Prove: \int_0^{\infty} x^{2n}e^{-x^2}dx=\frac{(2n)!}{2^{2n}n!}\frac{\sqrt{\pi}}{2} James Dale 2022-01-05 Answered
Prove:
$$\displaystyle{\int_{{0}}^{{\infty}}}{x}^{{{2}{n}}}{e}^{{-{x}^{{2}}}}{\left.{d}{x}\right.}={\frac{{{\left({2}{n}\right)}!}}{{{2}^{{{2}{n}}}{n}!}}}{\frac{{\sqrt{{\pi}}}}{{{2}}}}$$

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Alternatively, set
$$\displaystyle{I}{\left(\alpha\right)}={\int_{{0}}^{\infty}}{e}^{{-{a}{x}^{{2}}}}{\left.{d}{x}\right.}$$
differentiate n times with respect to $$\displaystyle\alpha$$ and evaluate at $$\displaystyle\alpha={1}$$
To spell things a little more out, this technique is known as Differentiation under the integral sign. Using the fact that $$\displaystyle{I}{\left(\alpha\right)}={\frac{{{1}}}{{{2}}}}\sqrt{{{\frac{{\pi}}{{\alpha}}}}}$$ and differentiating to obtain
$$\displaystyle{\frac{{{d}^{{n}}}}{{{d}{a}^{{n}}}}}{I}{\left({a}\right)}={\left(-{1}\right)}^{{n}}{\int_{{0}}^{\infty}}{x}^{{{2}{n}}}{e}^{{-{a}{x}^{{2}}}}{\left.{d}{x}\right.}$$
some algebraic manipulation and evaluating at $$\displaystyle{a}={1}$$ will yield the wanted identity.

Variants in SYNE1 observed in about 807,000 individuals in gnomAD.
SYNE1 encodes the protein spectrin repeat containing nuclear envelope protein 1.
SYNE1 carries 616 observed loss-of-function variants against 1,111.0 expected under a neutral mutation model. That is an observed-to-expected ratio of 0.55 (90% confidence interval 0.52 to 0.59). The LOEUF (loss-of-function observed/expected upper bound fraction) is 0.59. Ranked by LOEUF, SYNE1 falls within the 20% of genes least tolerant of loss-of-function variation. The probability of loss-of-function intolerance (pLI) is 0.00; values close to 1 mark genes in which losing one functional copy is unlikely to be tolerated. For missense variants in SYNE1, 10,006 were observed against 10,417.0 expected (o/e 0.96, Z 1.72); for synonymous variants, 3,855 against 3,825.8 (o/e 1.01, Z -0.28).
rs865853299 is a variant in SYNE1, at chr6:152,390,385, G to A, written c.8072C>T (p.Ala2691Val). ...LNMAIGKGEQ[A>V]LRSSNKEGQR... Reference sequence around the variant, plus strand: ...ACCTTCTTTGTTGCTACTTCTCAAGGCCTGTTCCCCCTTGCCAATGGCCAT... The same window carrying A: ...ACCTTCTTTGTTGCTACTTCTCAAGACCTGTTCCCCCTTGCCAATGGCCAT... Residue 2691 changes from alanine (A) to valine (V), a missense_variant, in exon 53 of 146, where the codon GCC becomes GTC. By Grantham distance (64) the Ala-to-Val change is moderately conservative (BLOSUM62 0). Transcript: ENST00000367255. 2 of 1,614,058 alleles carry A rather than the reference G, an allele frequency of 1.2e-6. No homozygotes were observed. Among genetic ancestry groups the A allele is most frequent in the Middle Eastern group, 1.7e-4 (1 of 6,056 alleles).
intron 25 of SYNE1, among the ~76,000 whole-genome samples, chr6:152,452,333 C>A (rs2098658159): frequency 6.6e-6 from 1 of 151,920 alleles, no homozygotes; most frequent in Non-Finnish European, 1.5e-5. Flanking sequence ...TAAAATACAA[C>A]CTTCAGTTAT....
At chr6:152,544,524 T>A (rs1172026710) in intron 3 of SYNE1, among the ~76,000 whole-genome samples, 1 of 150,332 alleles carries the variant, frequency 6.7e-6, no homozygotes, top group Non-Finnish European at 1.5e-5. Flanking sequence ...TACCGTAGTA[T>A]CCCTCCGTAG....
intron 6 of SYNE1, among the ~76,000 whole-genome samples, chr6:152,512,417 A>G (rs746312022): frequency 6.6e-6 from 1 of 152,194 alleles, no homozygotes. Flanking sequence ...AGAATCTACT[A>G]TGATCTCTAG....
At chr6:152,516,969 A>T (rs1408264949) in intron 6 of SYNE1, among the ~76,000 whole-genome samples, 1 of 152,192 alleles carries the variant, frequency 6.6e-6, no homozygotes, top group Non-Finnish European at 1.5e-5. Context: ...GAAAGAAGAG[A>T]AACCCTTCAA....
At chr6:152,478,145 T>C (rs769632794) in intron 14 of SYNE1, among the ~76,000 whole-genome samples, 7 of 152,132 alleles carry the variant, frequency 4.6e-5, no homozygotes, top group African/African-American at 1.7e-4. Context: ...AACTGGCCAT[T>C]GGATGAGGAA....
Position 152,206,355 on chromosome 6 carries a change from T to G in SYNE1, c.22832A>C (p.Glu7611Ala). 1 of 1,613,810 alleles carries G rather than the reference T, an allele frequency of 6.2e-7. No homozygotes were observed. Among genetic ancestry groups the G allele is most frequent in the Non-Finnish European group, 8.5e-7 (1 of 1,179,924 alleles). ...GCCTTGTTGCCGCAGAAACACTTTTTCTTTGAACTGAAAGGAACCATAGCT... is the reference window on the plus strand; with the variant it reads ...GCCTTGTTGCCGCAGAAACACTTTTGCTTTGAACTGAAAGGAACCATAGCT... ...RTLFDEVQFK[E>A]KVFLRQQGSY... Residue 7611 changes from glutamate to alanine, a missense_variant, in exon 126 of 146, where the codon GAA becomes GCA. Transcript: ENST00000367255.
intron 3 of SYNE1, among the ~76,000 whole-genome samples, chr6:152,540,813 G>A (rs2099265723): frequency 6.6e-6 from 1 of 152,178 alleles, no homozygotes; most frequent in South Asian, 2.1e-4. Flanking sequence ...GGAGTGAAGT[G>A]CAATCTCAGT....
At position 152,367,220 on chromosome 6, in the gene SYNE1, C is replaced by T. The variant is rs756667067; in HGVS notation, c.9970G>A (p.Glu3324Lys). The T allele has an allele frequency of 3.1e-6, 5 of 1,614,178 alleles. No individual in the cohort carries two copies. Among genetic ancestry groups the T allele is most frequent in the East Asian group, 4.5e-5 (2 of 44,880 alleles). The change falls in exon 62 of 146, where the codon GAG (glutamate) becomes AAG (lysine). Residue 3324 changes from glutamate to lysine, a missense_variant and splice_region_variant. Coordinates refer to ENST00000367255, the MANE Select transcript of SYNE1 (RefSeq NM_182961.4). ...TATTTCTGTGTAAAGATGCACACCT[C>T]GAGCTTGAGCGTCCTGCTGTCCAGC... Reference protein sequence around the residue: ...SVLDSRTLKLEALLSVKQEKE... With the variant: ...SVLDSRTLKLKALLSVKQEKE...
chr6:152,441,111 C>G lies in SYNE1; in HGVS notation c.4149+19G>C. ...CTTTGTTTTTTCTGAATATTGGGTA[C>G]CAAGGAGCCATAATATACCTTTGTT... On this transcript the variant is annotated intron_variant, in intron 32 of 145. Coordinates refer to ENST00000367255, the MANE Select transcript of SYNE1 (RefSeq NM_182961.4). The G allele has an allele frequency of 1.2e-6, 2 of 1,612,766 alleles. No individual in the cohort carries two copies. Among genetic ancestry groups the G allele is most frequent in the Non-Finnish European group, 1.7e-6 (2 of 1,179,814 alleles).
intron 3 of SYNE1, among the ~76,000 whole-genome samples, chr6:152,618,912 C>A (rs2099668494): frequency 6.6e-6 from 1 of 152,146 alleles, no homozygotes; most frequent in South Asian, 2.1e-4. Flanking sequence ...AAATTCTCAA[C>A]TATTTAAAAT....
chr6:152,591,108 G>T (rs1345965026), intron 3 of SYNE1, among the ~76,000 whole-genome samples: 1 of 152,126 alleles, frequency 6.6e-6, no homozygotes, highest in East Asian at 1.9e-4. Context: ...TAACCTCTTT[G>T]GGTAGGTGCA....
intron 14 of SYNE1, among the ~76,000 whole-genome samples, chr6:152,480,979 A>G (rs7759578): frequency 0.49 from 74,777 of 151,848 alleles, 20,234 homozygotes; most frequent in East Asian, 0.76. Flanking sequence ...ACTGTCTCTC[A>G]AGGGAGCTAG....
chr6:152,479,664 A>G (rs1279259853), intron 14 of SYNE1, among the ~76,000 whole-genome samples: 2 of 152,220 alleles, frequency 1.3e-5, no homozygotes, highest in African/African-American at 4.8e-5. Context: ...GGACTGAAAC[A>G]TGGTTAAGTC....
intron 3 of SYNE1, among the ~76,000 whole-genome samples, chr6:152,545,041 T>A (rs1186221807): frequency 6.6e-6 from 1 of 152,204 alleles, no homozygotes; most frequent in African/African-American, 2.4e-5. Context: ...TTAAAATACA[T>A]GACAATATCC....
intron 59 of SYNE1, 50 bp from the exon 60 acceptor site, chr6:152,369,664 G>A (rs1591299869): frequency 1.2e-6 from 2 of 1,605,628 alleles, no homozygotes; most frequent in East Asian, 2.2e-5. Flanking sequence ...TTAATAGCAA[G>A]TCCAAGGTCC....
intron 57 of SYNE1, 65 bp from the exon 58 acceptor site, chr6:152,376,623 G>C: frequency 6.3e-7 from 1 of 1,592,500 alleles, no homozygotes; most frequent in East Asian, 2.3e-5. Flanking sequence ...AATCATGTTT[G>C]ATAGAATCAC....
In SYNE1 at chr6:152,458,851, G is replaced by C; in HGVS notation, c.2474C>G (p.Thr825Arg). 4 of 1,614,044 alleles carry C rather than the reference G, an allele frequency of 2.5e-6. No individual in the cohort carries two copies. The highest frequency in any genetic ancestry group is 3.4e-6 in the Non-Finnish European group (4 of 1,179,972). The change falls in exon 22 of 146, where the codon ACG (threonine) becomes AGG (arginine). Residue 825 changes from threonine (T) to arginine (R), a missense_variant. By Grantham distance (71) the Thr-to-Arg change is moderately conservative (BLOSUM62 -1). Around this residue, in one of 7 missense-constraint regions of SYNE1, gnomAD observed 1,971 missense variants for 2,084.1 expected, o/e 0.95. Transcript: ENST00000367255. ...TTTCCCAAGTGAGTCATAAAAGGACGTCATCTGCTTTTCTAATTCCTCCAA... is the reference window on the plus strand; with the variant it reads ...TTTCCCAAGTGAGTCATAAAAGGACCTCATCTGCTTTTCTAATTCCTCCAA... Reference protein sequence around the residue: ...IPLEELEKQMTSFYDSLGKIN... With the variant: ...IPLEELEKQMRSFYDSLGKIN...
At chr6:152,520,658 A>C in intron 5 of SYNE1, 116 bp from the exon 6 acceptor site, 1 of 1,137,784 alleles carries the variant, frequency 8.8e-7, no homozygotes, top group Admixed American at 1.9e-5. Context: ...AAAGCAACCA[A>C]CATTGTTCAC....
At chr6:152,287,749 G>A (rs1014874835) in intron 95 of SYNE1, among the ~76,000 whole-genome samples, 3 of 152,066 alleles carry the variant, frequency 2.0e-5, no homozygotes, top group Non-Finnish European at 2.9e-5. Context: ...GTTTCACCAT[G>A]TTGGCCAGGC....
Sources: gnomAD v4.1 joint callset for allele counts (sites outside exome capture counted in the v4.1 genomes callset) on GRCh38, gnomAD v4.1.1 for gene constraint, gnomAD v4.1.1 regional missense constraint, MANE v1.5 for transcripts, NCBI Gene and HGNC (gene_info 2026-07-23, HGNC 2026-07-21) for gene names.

Not exactly what you’re looking for? godsrvnt0706
Alternatively, integration by parts works immediately.
$$\displaystyle{a}_{{n}}={\int_{{0}}^{\infty}}{x}^{{{2}{n}}}{e}^{{-{x}^{{2}}}}$$
Consider $$\displaystyle{U}={x}^{{{2}{n}-{1}}}$$ so that $$\displaystyle{d}{u}={\left({2}{n}-{1}\right)}{x}^{{{2}{n}-{2}}}$$, and $$\displaystyle{d}{v}={x}{e}^{{-{x}^{{2}}}}$$ so that $$\displaystyle{V}=-{\frac{{{1}}}{{{2}}}}{e}^{{-{x}^{{2}}}}$$.
Then
$$\displaystyle{\int_{{0}}^{\infty}}{x}^{{{2}{n}}}{e}^{{-{x}^{{2}}}}{\left.{d}{x}\right.}={\frac{{{1}}}{{{2}}}}{e}^{{-{x}^{{2}}}}{x}^{{{2}{n}-{1}}}{{\mid}_{{0}}^{\infty}}-{\int_{{0}}^{\infty}}{\left({2}{n}-{1}\right)}{x}^{{{2}{n}-{2}}}{\frac{{-{1}}}{{{2}}}}{e}^{{-{x}^{{2}}}}{\left.{d}{x}\right.}$$
$$\displaystyle={\frac{{{2}{n}-{1}}}{{{2}}}}{\int_{{0}}^{\infty}}{x}^{{{2}{n}-{2}}}{e}^{{-{x}^{{2}}}}{\left.{d}{x}\right.}={\frac{{{\left({2}{n}-{1}\right)}{2}{n}}}{{{2}^{{2}}{n}}}}{\int_{{0}}^{{\infty}}}{x}^{{{2}{n}-{2}}}{e}^{{-{x}^{{2}}}}{\left.{d}{x}\right.}$$
Hence
$$\displaystyle{a}_{{n}}={\frac{{{\left({2}{n}\right)}{\left({2}{n}-{1}\right)}}}{{{2}^{{2}}{n}}}}{a}_{{{n}-{1}}}$$
and since $$\displaystyle{a}_{{0}}={\frac{{\sqrt{{\pi}}}}{{{2}}}}$$ we conclude
$$\displaystyle{a}_{{n}}={\int_{{0}}^{\infty}}{x}^{{{2}{n}}}{e}^{{-{x}^{{2}}}}{\left.{d}{x}\right.}={\frac{{{\left({2}{n}\right)}!}}{{{2}^{{{2}{n}}}{n}!}}}{\frac{{\sqrt{{\pi}}}}{{{2}}}}$$ star233

Let's suppose that, one way or another, you know that $$\int_{-\infty}^{\infty} e^{-x^2}dx=\sqrt{\pi}$$. Then
$$\int_{-\infty}^\infty e^{2tx-x^2}dx=e^{t^2}\int_{-\infty}^\infty e^{-(t-x)^2}dx=e^{t^2}\sqrt{\pi}$$
On the other hand,
$$\int_{-\infty}^\infty e^{2tx-x^2}dx=\int_{-\infty}^{\infty}(\sum_{n\geq0}\frac{2^nt^nx^n}{n!})e^{-x^2}dx=\sum_{n\geq0}\frac{2^nt^n}{n!}\int_{-\infty}^{\infty}x^ne^{-x^2}dx$$
Finally, note that by evenness,
$$\int_{-\infty}^\infty x^{2n}e^{-x^2}dx=2\int_0^\infty x^{2n}e^{-x^2}dx$$